Opinion

COMMENT: Allow KiwiSaver for investment properties

It’s time to allow KiwiSaver to be used to buy investment properties as well as first homes, argues Century 21 New Zealand owner Derryn Mayne.

Tuesday, June 16th 2020

Century 21 NZ owner Derryn Mayne

The Government needs to broaden KiwiSaver’s withdrawal criteria to allow more New Zealanders to access the scheme to buy an investment property.

KiwiSaver has more than three million members with average balances of around $20,000, with many accounts experiencing volatility in value in the wake of the Covid-19 health and economic crises.

Inland Revenue figures released today also show that in April and May more Kiwis tapped into their retirement savings by making hardship withdrawals.

Last year interim Retirement Commissioner Peter Cordtz suggested that KiwiSaver members should be allowed to withdraw money from their accounts to buy rental properties, not just first homes.

His reasoning was that high house prices in cities like Auckland, Wellington and Tauranga mean it is difficult for KiwiSaver members who work in those cities to purchase a home there to live in.

But he said that if those KiwiSavers could buy a property in a more affordable part of the country, they could use it as an investment to progress on the property ladder or simply to retire to one day.

I believe this concept needs to be urgently revisited by the Government. Given these unprecedented times and the growing opportunities out there, the rules should now be broadened.

It is possible to withdraw funds for your first home, or for land to build your home if you have been in KiwiSaver for at least three years. There are also circumstances in which people may access their funds if they have previously owned a home.

Yet there remains absolutely no opportunity to use the voluntary savings scheme to buy a property you are not going to live in.

The strict owner-occupier criteria was fine during the Global Financial Crisis over a decade ago, as there were far less people in the scheme and the average balances were less than $3,000.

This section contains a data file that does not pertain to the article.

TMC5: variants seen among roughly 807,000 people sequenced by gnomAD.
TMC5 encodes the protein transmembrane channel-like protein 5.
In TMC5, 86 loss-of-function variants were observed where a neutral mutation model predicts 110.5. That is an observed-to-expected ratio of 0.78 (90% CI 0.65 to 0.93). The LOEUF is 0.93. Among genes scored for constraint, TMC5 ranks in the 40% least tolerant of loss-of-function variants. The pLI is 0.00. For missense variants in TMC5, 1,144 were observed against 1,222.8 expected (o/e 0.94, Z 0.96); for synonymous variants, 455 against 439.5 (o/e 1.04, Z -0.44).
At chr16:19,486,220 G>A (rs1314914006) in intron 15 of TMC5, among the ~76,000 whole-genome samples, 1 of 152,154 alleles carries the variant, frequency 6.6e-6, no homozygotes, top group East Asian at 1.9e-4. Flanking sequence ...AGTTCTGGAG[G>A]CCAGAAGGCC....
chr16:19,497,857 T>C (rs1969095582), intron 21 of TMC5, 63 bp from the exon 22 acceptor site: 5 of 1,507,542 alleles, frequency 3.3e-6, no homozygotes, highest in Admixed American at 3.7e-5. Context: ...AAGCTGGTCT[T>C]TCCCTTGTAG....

But the Government now needs to think of new ways to encourage property purchases.

While we are not short of buyers at this point, as a country we need to think laterally if we want to keep our housing market ticking along nicely.

Put simply - it’s wrong that people can only access KiwiSaver as an owner-occupier property purchaser, when the reality is a lot of people simply can’t afford to buy where they want to live.

“If you live in Auckland and can’t afford to purchase there, you should be able to stay renting but use your KiwiSaver to buy an investment property in say Waikato.

Right now, that option is increasingly appealing given the lower deposit requirements, rock-bottom interest rates, and an emerging buyers’ market.

As KiwiSaver funds cannot be used for an investment property, those using the scheme must live in the home for at least six months.

But any fear of investment properties, using KiwiSaver, being quickly flipped could be easily rectified.

An additional rule could ensure people accessing their funds for an investment property have to hold onto to that property for certain amount of time.

Enabling Kiwis to use the scheme to help buy an investment property is a safe bet for them and would be a positive for the country.

It would help to boast home ownership which has declined over the past 30 years from about 78% in the 1980s to about 55% now. Also, residential property will always deliver a strong capital gain over the long-term.

What is more, such a simple policy tweak would give a shot in the arm to New Zealand’s property market and help the overall economy.

Read more:

Allow KiwiSaver withdrawals for investment properties 

Don’t use KiwiSaver for investment property – yet 

Comments

On Tuesday, June 16th 2020 11:20 am Peter L said:

Given that one of the pillars of the the current Labour-led Government beliefs is that all residential property investors are the devil-incarnate, Derryn is dreaming if he thinks that they would allow such a scheme. Their policy is to eliminate private landlords, not create them.

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